Tuesday, June 20, 2006

No matter the buyer, keep club a golf course

Originally posted on June 20, 2006

I enjoyed a nice breakfast with my family on Father's Day Sunday at The Golf Club.

But between talking to my 11-year-old about this week's sailing class and my 21-year-old about why she needed two bottle openers on her key chain, I found myself looking out the window at the golf course.

There were golfers of all ages, rushing to the first tee to begin play or stopping inside for a cold one after nine holes. The dedicated ones practiced on the driving range, putting green and chipping areas.

My mind flashed forward to Aug. 1. On that dark day, all that I was watching would be gone.

The last shots to be hit at The Golf Club will be July 31. Then it will close, apparently for good. No more high-fives between friends for curling in that 45-footer for a birdie. No more lies at the bar about how a hole-in-one was made, but, oops, no witnesses.

The biggest losses will be treasured memories, like:

• A family playing a round of golf together.

• The smile on a father's face when his son or daughter hits one right down the middle for the first time.

• The sheer exhilaration when that same son or daughter beats his father for the first time.

You see the thing about a golf course is it's life laid out among the trees and wildlife. There's joy, heartbreak, lessons learned, stories shared.

On July 31, probably around 7 p.m., all that activity on a course that has been around since 1961 may end. The employees — maintenance people, restaurant and bar staff, pro shop and cart staff, will leave for the final time. The lights will go out, the doors will be locked.

End of an era.

Managing partner Scott Siler says he has lost $3 million over the last five years and could no longer sustain that kind of financial carnage.

He says residents in the neighborhoods and those in the condos along the course, among others, did not support it to a level that it could remain open.

"I'm surprised it's closing," said Cape Coral resident Robert E. Sullivan. "I just played there recently. I don't understand why they can't make it there, although it is overpriced."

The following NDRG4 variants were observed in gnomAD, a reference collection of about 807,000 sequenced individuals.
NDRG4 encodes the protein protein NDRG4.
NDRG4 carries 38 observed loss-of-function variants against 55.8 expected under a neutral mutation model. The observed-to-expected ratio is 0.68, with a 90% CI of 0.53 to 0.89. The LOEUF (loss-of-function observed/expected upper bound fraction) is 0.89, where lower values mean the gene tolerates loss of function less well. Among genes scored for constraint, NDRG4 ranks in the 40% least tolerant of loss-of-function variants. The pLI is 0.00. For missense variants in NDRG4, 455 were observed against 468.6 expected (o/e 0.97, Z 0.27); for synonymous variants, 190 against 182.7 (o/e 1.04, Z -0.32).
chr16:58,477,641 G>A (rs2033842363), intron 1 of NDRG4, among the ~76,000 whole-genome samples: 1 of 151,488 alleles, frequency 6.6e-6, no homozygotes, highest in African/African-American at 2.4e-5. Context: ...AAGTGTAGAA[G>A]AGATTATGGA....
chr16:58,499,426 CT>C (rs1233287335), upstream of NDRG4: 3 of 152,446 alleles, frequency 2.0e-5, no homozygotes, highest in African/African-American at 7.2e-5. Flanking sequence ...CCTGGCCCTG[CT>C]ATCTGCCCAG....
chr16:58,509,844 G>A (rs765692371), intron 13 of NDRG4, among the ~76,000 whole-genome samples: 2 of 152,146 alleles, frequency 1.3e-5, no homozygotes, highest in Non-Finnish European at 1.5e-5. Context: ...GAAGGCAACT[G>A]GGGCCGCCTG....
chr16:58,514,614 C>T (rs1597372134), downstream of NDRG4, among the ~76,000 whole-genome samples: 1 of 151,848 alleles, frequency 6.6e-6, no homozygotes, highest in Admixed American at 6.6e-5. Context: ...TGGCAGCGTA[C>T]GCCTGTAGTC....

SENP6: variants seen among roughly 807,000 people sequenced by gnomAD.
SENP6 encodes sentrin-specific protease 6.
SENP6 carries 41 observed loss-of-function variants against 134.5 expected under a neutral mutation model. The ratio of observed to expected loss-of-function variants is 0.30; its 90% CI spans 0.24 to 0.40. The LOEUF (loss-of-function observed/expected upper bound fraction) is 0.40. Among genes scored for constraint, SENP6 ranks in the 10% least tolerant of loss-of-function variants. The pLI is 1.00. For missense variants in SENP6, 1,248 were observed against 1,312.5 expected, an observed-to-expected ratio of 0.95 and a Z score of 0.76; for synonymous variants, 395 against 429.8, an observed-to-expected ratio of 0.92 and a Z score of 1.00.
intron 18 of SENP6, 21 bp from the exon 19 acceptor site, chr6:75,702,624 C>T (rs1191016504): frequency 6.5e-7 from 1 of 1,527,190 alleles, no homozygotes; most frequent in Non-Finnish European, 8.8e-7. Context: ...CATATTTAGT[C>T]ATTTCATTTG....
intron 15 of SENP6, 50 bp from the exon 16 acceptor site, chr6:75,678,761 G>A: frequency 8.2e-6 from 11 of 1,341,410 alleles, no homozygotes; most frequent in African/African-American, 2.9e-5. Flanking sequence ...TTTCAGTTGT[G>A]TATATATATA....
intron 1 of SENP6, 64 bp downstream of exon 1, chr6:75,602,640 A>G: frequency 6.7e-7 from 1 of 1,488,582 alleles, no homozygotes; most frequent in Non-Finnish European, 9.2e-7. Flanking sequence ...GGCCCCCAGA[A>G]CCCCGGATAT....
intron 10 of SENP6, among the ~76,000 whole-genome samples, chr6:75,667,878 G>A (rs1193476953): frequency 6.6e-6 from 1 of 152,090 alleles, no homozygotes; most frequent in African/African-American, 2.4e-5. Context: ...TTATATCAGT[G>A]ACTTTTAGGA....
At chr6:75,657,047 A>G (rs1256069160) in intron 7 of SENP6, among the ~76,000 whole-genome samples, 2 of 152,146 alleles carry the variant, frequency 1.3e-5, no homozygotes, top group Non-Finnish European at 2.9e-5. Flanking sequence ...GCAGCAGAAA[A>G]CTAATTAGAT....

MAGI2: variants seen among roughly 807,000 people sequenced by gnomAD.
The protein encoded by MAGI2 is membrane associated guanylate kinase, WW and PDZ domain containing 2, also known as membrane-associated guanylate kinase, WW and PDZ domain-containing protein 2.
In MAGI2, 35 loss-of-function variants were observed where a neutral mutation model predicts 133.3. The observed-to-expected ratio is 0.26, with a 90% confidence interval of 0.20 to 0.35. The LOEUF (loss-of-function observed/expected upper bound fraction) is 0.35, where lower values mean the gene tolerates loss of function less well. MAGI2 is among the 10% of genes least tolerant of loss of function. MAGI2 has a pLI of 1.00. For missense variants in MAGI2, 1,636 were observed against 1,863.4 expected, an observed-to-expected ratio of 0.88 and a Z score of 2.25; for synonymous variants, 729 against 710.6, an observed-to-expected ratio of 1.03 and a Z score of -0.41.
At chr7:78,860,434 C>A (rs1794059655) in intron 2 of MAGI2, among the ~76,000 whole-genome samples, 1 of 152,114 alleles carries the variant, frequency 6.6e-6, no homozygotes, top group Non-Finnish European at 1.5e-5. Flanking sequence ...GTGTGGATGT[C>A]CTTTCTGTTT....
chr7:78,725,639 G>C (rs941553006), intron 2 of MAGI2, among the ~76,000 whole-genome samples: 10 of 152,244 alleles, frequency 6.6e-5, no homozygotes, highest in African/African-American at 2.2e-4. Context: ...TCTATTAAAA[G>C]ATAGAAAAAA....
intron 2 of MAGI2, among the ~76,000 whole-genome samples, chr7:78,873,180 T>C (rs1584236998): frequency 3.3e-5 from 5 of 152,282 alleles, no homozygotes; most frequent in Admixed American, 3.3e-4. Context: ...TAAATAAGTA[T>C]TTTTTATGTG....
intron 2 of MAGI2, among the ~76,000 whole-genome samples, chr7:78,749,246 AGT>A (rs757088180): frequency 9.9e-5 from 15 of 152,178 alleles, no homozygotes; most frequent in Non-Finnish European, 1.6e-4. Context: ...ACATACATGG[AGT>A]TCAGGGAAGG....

And that was one of the major complaints: too expensive. The fees were higher than Cape's other 18-hole public facilities — Coral Oaks and Royal Tee — by as much as $13 for residents in the winter season. The club's prices also were higher than popular public courses like Fort Myers Country and Eastwood.

Golfers are a pretty finicky group. They will stay with you as long as they feel they are getting a good deal. Any spike in price may send them hunting for something cheaper. There are more than 165 courses in Southwest Florida, so there's plenty to pick from.

Siler says his greens fees have climbed only $3 to $5 in the last five years.

I don't believe the course was overpriced. Greens were nice, rolled true. Fairways were green, mowed at appropriate heights. The greens were protected with bunkers that were well groomed. Pace of play was decent.

Maybe there should have been a stronger marketing strategy. With 10,000 people a year moving into the city, many may not have known the place even existed.

The Golf Club offered plenty of selling points: a nice golf shop, decent bar area, nice brunch on Sundays, plenty of room for meetings, weddings and other events.

It doesn't make a whole lot of sense that a city of 155,000 couldn't support this place.

Like the golfer who simply wants to fling the club into a tree after dropping one in the water, some folks were just flat out mad at the place.

"We've played there and been very dissatisfied with the course; too many people on the course at once," said Cape Coral resident William Gregory, 56. "I don't care if they tear the whole place down."

What does the future bring?

Siler needs a buyer, mainly to recoup his total losses of around $15 million. Best bet is the club will be bought by a developer and single-family homes and condos will be built there.

Siler believes it will never again be a golf course. I hope he is wrong.

If you need 175 acres, at a cost anywhere from $15 million to $20 million, this is the place for you. But please keep it a golf course.

"The city should buy the course and make it another muni (municipal) course," said Cape Coral resident Dave Kenny, 50. "With the way the Cape is growing we can use another public course."

Are you listening, city council?

And don't rule out the possibility that this place still could be purchased by the Lee County School District. Land is scarce for big projects like schools. District officials wanted to buy the property a year ago for $26 million and build a five-school complex. Neighbors complained and the district backed off.

In a sense, though, this land is already a classroom. You can learn about wildlife there. You learn how to play by the rules of a game that can drive one bonkers. You can come together as a family there.

Somebody step to the tee and keep it a golf course.

— Staff writer Pete Skiba contributed.

— Tom Hayden is Cape Coral editor of The News-Press.